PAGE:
01 Aug Jeffrey Machine Dragon Tooth
The following article appeared in the August 2013 issue of New Construction Products and is used here with permission.
Okay, so you have a job that requires boring holes for some utility poles. Tight timeframe, but you’ve got a good team and good equipment. The day’s going well, you’ve got three holes drilled already and the auger’s spinning on the fourth when it hits something hard and won’t go any further. Hard rock. Pull it out, unbolt the dirt teeth from your bolt on auger, bolt on the rock teeth and rock pilot. An hour later and maybe two inches deeper and the day’s not looking quite as happy. Okay, so pull it out and try the bullet auger. Nada. No better. What do you do at this point? You can bring in a bigger machine with a pressure rock auger, but even it might not work on what you’ve run into. Other options would be to bring in a trackhoe with a rock breaker followed by a vacuum truck like they commonly use in Canada. Your mind sees the visual of dollars flying into the sky. What do you do? Doesn’t anyone have a cost effective solution?
This is a type of scenario that happens frequently throughout the world. Fortunately, Jeffrey Machine, based out of Birmingham, Alabama has developed something that provides contractors with an extra edge against rock. The idea came from one of their customers. They work closely with contractors and one of them asked Jeffrey Machine to hard weld some non-rotating shark’s teeth into a tool for them. It was something they were using in the mining industry and it was doing a bang up job cutting rock. Jeffrey Machine built the tool and sure enough, it tore up the rock. Bad thing was that when the tooth wore out it had to be cut out and re-welded. This set Jeffrey Machine to the task of trying to recreate that non-rotating tooth so it would fit in a standard bullet tooth holder to allow for easy tooth replacement when necessary.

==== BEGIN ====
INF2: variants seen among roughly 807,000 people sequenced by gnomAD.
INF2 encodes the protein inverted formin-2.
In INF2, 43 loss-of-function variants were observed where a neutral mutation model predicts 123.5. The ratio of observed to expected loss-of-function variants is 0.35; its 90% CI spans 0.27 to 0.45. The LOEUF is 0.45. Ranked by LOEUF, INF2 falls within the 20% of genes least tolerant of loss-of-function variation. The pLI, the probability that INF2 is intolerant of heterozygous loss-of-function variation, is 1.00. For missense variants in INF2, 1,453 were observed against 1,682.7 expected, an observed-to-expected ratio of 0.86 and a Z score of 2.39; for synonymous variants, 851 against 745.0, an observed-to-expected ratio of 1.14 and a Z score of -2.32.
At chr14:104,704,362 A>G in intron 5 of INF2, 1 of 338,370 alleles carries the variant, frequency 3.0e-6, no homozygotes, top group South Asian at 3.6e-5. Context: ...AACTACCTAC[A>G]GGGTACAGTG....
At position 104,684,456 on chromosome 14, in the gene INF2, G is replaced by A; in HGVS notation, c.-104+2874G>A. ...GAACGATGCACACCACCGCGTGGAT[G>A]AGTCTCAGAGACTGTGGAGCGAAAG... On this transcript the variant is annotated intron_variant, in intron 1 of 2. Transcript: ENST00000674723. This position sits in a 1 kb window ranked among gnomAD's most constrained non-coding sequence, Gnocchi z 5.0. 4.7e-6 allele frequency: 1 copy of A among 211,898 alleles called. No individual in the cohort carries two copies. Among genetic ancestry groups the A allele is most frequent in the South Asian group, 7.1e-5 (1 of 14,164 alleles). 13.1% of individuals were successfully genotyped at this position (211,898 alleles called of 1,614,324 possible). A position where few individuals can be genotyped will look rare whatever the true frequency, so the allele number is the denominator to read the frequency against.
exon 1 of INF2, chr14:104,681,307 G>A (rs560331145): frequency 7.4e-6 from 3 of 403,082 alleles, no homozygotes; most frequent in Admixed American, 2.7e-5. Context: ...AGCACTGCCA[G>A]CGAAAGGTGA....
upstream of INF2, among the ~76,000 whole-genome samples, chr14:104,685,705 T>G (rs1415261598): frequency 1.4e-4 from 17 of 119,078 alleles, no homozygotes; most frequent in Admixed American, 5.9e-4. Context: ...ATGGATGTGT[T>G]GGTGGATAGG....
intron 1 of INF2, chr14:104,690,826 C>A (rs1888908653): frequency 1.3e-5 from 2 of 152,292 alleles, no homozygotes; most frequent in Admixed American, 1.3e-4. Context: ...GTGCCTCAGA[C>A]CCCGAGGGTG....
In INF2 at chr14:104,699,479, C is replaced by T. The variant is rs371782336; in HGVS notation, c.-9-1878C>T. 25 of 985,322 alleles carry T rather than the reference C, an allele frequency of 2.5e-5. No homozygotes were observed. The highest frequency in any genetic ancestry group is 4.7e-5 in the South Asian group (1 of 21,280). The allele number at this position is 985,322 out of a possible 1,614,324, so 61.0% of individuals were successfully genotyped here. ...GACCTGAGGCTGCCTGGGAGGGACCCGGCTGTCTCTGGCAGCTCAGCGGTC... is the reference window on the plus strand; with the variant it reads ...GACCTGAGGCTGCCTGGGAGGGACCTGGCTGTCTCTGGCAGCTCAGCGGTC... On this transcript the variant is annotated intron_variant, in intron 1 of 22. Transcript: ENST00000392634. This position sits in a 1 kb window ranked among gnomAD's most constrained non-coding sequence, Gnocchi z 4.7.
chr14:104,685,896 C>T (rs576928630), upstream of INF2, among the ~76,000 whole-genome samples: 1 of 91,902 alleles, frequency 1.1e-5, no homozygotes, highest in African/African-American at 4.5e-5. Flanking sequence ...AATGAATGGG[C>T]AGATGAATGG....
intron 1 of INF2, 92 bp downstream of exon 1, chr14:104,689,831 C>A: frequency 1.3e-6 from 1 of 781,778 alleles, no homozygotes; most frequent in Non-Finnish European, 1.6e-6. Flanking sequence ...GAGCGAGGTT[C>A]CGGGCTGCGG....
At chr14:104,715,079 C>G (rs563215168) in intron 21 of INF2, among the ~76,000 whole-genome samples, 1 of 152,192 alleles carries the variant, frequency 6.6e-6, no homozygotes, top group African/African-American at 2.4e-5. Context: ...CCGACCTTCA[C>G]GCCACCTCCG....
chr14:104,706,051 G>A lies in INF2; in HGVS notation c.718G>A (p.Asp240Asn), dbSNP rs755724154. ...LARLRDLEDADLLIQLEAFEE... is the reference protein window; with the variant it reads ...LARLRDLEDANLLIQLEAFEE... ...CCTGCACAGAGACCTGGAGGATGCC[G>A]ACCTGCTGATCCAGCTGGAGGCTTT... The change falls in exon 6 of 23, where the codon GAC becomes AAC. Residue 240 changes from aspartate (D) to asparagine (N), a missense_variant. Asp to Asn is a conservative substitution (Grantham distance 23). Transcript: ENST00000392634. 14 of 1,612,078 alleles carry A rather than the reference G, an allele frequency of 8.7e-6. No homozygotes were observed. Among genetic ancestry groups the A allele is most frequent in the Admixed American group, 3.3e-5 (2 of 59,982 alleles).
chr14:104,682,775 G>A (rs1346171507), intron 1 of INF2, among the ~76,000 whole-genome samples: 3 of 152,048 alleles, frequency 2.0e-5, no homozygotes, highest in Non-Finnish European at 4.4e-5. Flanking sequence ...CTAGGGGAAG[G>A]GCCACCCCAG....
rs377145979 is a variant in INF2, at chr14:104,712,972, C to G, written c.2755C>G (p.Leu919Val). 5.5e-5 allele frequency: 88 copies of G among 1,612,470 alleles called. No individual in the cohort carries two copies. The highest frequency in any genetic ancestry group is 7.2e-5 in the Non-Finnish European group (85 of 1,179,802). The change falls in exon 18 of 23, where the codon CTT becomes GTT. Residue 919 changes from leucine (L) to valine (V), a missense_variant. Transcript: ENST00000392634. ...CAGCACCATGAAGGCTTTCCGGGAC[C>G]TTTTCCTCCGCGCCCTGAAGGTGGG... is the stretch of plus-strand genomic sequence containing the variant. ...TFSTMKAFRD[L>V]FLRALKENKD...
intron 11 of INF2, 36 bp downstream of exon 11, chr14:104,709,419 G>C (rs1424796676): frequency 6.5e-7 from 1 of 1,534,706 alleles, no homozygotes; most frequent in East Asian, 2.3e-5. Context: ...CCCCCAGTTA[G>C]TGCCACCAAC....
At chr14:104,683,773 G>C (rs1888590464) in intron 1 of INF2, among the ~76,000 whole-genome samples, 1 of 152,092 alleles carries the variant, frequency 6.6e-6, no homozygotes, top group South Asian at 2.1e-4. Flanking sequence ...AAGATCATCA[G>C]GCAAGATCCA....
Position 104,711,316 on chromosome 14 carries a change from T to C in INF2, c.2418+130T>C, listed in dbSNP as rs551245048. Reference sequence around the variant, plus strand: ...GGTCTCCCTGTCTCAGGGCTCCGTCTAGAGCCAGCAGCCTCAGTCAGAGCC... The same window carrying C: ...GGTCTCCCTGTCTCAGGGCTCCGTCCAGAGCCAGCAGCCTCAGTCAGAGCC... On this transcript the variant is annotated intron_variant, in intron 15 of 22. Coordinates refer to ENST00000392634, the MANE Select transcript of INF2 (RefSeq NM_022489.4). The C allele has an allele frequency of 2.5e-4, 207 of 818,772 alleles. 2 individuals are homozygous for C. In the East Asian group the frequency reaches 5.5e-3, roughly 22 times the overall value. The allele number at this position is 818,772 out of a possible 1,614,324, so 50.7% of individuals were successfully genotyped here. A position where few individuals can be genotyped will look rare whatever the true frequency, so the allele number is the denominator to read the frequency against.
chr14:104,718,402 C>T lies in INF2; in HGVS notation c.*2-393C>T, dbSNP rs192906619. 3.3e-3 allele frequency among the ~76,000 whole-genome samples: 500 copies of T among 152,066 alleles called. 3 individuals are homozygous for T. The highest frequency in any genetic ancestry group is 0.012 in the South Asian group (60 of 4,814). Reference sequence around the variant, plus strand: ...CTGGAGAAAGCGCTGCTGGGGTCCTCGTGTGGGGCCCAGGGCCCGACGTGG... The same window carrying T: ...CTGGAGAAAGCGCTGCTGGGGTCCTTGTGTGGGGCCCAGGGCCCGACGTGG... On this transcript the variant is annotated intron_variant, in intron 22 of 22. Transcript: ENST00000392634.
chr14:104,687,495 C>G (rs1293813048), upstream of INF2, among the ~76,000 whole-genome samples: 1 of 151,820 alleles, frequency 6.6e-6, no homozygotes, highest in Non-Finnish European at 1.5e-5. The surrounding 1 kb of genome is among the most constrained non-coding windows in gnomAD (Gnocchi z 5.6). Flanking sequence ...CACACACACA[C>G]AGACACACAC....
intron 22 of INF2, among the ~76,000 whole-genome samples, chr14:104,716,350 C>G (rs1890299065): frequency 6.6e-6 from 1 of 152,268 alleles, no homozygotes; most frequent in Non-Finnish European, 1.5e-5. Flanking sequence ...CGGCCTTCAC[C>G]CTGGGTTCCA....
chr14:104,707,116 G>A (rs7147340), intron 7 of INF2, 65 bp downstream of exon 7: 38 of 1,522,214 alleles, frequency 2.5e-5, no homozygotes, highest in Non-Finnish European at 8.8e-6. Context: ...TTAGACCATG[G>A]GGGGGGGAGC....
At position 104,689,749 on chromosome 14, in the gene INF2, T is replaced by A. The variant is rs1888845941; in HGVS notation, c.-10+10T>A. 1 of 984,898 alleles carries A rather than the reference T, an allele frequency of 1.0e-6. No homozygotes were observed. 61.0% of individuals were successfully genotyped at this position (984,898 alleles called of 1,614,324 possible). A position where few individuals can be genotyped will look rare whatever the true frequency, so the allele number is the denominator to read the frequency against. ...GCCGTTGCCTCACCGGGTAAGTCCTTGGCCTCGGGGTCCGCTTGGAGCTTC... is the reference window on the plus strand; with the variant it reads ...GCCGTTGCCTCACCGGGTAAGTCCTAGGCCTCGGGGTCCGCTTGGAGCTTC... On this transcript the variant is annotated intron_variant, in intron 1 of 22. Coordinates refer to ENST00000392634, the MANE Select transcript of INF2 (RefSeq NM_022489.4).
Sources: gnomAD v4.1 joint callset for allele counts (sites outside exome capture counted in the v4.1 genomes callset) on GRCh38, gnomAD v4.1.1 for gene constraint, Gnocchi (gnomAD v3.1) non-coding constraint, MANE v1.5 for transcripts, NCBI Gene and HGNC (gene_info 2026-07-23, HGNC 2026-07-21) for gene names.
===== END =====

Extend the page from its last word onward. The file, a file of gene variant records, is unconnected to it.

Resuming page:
Took several years, but they finally created the Dragon’s Tooth. Although it uses the same size round shank as a standard bullet tooth, it does require a proprietary holder. The holder will accept a Dragon Tooth or a standard bullet.
Effective? You bet. In one instance, it cut 2500% faster than bullet teeth that were being chewed up by the bucketfuls. No significant wear on the Dragons either. In another case a contractor has cut over 1400 holes and the teeth are still going strong.
So, how’s it work? Well, a bullet tooth has a small piece of really hard carbide in the tip of this bullet shaped tooth. It’s made to rotate in the round holder as the auger turns. This is supposed to keep the tooth from wearing out on one side. It works kind of like a pencil sharpener and it’s been the standard rock cutting tooth for years. The Dragon doesn’t turn. Kind of hard to describe, but essentially it has a lip on the tooth that fits into a slot in the holder that keeps it from turning. It has a faceted surface and huge piece of sharp carbide along the cutting edge. All the wear is on the carbide and the carbide is harder than most rock. Because high grade carbide is very expensive, the tooth costs more up front, but typically costs less over the long haul. Additionally, because it cuts rock so much faster, there’s less wear and tear on the machinery and less money paying for workers to be standing around.
It’s available in .875 and .990 sizes.